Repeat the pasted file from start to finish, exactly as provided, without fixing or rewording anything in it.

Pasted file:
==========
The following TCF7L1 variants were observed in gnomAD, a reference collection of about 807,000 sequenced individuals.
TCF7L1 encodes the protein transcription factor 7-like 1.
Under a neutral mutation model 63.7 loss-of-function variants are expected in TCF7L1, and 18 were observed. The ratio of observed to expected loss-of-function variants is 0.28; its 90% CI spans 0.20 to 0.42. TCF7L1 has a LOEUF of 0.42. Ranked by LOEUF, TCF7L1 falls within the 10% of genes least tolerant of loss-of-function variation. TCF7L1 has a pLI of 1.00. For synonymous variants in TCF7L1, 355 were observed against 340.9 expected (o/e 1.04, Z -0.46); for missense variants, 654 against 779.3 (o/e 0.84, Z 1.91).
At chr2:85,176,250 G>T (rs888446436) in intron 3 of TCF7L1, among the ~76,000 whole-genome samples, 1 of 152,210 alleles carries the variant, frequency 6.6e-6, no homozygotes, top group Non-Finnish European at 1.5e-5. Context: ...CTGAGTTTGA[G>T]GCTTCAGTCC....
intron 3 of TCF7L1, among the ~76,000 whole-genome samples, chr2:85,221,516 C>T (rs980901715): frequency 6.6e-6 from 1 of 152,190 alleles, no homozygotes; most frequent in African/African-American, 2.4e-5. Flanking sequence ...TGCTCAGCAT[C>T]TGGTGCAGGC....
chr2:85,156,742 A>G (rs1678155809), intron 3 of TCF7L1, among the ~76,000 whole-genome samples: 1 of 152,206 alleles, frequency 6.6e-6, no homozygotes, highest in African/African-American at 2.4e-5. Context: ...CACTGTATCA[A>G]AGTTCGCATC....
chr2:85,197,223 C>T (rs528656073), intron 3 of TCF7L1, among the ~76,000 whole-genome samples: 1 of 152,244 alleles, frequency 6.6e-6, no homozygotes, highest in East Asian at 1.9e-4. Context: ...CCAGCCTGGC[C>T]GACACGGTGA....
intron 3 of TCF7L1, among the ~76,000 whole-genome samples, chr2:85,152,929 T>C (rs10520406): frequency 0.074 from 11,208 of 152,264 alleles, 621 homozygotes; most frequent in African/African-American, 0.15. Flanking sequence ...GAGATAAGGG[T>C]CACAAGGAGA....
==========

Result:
The following TCF7L1 variants were observed in gnomAD, a reference collection of about 807,000 sequenced individuals.
TCF7L1 encodes the protein transcription factor 7-like 1.
Under a neutral mutation model 63.7 loss-of-function variants are expected in TCF7L1, and 18 were observed. The ratio of observed to expected loss-of-function variants is 0.28; its 90% CI spans 0.20 to 0.42. TCF7L1 has a LOEUF of 0.42. Ranked by LOEUF, TCF7L1 falls within the 10% of genes least tolerant of loss-of-function variation. TCF7L1 has a pLI of 1.00. For synonymous variants in TCF7L1, 355 were observed against 340.9 expected (o/e 1.04, Z -0.46); for missense variants, 654 against 779.3 (o/e 0.84, Z 1.91).
At chr2:85,176,250 G>T (rs888446436) in intron 3 of TCF7L1, among the ~76,000 whole-genome samples, 1 of 152,210 alleles carries the variant, frequency 6.6e-6, no homozygotes, top group Non-Finnish European at 1.5e-5. Context: ...CTGAGTTTGA[G>T]GCTTCAGTCC....
intron 3 of TCF7L1, among the ~76,000 whole-genome samples, chr2:85,221,516 C>T (rs980901715): frequency 6.6e-6 from 1 of 152,190 alleles, no homozygotes; most frequent in African/African-American, 2.4e-5. Flanking sequence ...TGCTCAGCAT[C>T]TGGTGCAGGC....
chr2:85,156,742 A>G (rs1678155809), intron 3 of TCF7L1, among the ~76,000 whole-genome samples: 1 of 152,206 alleles, frequency 6.6e-6, no homozygotes, highest in African/African-American at 2.4e-5. Context: ...CACTGTATCA[A>G]AGTTCGCATC....
chr2:85,197,223 C>T (rs528656073), intron 3 of TCF7L1, among the ~76,000 whole-genome samples: 1 of 152,244 alleles, frequency 6.6e-6, no homozygotes, highest in East Asian at 1.9e-4. Context: ...CCAGCCTGGC[C>T]GACACGGTGA....
intron 3 of TCF7L1, among the ~76,000 whole-genome samples, chr2:85,152,929 T>C (rs10520406): frequency 0.074 from 11,208 of 152,264 alleles, 621 homozygotes; most frequent in African/African-American, 0.15. Flanking sequence ...GAGATAAGGG[T>C]CACAAGGAGA....